Oxford

Our Oxford Smallholding – August 1987 to March 1988

In 1987 we decided to move out to the Canterbury countryside and have a go at becoming self-sufficient, growing our own vegetables and raising animals.
I had been interested in this since reading the self-sufficiency book by John and Sally Seymour.
We looked around at lots of properties around Canterbury and settled on a 1-acre property in the small rural town of Oxford nestled under the Southern Alps foothills. The property cost us $50,000. After selling our house in Christchurch, we moved out to Oxford at the end of winter 1987.
The township of Oxford is 55km from Christchurch and is located between two of the big mountain fed rivers that cross the Canterbury plains to the sea, the Waimakariri river to the south and the Ashley river to the north.

Location of Oxford.

Here’s a view of the Waimakariri River (fabulous salmon and trout fishing) on its journey to the coast. You can see the Port Hills of Christchurch in the top right of the photo. The Waimak gorge is nearby crossed with a high bridge that has breathtaking views of the river. Jet boat companies take tourists up the Waimak from the sea to the gorge. The Maori name for the area around Oxford is “Tawera” which means “hot blow” undoubtedly prompted by the well-known Canterbury Nor’ Wester. These winds can really blow.

Waimakariri River.

To get to Oxford from Christchurch, you travel across the Canterbury Plains past arable, sheep, cattle and dairy farms on what seem like some of the longest straightest roads in New Zealand. You have to make sure you are alert or else you can end up wandering off the road.

The Canterbury Plains.

The long straight Tram Road that links Oxford with Christchurch.

Tram Road.

Our cottage at 98 High Street, Oxford in the middle of summer.

Peter sitting out on the honeysuckle and rose covered veranda.

The cottage was built from rough saw timber that was milled locally. It was built around the late 1800’s, early 1900’s.

98 High Street, Oxford.

Oxford began with the establishment of the first sawmill in 1854. By the 1870’s eleven mills were located between the Eyre River and Coopers Creek, the bush in the area being known as Harewood Forest. In 1898 a fire from Coopers Creek and another from the Mt Oxford area fanned by a raging nor’wester swept towards Oxford township destroying mills, houses, bridges and farms.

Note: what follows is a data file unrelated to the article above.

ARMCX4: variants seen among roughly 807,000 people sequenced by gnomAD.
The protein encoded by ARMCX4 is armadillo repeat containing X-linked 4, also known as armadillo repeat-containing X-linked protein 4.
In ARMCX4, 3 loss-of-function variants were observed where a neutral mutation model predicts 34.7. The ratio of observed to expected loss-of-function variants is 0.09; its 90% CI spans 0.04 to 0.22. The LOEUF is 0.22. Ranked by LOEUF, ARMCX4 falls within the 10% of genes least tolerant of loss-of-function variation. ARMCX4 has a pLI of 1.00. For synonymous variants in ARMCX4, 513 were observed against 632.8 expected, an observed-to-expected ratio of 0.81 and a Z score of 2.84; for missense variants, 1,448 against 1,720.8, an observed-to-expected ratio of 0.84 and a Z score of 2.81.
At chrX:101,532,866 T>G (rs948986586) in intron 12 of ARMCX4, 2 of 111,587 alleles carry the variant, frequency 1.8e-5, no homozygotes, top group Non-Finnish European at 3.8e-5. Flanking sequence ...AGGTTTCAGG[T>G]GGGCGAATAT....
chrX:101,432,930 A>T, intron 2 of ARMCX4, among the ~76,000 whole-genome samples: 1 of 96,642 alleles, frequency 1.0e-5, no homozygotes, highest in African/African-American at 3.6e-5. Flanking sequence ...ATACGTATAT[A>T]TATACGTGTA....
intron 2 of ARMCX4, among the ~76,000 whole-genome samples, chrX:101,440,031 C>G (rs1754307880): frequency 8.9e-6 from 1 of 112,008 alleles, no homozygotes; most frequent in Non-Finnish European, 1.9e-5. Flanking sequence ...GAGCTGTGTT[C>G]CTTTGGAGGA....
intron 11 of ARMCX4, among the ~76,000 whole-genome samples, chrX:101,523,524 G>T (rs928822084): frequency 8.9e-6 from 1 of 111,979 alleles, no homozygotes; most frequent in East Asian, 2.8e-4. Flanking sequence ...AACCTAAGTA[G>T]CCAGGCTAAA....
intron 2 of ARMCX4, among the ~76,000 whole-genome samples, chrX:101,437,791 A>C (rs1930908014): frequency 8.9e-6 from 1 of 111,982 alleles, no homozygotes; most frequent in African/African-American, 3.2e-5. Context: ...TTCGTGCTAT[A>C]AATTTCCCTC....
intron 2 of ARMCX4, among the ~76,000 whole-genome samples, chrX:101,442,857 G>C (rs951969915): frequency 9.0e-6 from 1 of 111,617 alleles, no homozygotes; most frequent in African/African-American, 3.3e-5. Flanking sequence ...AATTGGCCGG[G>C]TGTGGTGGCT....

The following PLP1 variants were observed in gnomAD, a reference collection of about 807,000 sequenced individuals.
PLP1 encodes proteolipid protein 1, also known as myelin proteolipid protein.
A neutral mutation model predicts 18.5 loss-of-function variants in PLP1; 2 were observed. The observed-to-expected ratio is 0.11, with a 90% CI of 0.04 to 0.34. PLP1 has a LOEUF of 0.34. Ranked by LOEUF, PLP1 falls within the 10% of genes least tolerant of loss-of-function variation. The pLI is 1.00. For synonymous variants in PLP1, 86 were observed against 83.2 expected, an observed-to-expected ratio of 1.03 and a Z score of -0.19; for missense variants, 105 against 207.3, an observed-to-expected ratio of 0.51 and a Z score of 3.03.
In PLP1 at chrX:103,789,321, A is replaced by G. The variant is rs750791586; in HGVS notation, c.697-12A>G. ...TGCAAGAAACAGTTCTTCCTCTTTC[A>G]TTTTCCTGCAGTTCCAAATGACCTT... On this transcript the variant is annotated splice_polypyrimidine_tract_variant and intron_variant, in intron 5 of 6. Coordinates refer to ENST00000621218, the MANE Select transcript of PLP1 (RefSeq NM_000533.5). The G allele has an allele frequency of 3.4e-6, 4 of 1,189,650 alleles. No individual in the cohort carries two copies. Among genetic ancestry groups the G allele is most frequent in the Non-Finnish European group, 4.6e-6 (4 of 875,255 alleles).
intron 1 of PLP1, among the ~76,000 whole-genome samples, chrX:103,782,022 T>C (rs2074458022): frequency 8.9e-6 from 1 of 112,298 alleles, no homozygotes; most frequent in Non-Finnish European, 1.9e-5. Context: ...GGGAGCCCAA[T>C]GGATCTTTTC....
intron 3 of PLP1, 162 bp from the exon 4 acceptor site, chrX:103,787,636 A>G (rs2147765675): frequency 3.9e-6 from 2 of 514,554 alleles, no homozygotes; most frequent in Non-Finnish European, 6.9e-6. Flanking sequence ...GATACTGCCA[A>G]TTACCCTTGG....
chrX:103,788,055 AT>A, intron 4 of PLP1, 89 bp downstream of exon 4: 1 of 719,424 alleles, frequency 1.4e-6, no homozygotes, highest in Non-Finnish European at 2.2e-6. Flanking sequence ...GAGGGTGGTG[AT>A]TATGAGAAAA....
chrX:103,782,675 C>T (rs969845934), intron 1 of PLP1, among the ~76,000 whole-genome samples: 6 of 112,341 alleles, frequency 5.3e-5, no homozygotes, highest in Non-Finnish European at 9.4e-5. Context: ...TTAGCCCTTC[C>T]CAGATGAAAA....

This is the view to the Oxford foothills from the bottom of our paddock with our Jersey cow, Honey and some of our sheep.

Oxford is a really nice rural township. The foothills nearby are very scenic with native trees and bush walks. At the end of High Street (our cottage was at 98 High Street) there is the Ashley Gorge, with a pleasant picnic spot and great river swimming, fishing and camping. We often went out there with our visitors.

High Street, Oxford.

We got a long drought that first summer with very high temperatures. It got quite scary with the danger of fires very real. All of the paddocks and trees were tinder dry and with the strong Nor’ West winds a fire could have raced through the Oxford township causing untold damage. There was a couple of big fires that broke out a few miles away that kept flaring up in the tree stumps for a long time afterwards. A really scary time waiting for rain to dampen things down. When you are inland and in the middle of a farming area, there is nothing to stop a fire and nowhere to go for safety.

Samuel running around by the back porch.

Debra enjoying the last rays of sunshine on a summer’s evening.

Debra and the two boys. Thomas with his usual modesty. Not.

Not long after moving in I started on a three month Farm Skills course that was run to assist people into farming work. I commuted into Rangiora each day during the week to do the course.
It was a real eye opener for a ‘city boy’ but I loved it all. There was about a dozen of us on the course, a mix of guys and girls and a mix of ages. I was the oldest. We were taught how to drive a tractor and use the different tractor implements. I tried some ploughing, drilling etc. I spent quite a bit of time working on a sheep and cropping farm belonging to the Ensors. James Ensor was a really nice farmer and I learnt a lot from him. It was a really stressful time for him as crop farming was entering into a period of time with bad returns for the farmers.
After finishing the course I spent about a year working for a farmer called Maurice Borcoski. Had a lot of fun with him. We spent time cutting down macrocarpa trees and splitting them for sale as firewood. I helped out at shearing time in the shearing shed doing the baling and cleaning up after the shearers. Did a bit of tractor work preparing the ground for crops. Spent some of the days looking after the sheep and cattle, moving them between fields and feeding out hay in the winter.
We used to go into town (Christchurch) to the market where Maurice would buy sheep and lambs and then fatten them on at his farm for selling on. Maurice helped me out with materials for our place at Oxford giving me bits and pieces to build a milking shed, hay and turnips for our animals.

Sheep being loaded at the Oxford Stockyards.

Thomas on the move down the hall.

The inside of our cottage was roomy with a high stud. We tidied it up with new paint on some of the walls, our first go at decorating. We had an old wood-burning stove in the kitchen (along with an electric one!) that we used for cooking, heating and hot water. Real self-sufficiency. The fire in the stove didn’t burn well when we first got there, so Deb’s Dad made a new chimney for us that was a lot higher than the old one, providing a lot more ‘draw’. Worked really well after that. We used to rise our bread above the stove and then bake it in the oven. Yum! I can still smell it. The wood-burning stove was handy in the winter as well because sometimes there would be snow with power cuts and so we weren’t reliant on the power supply.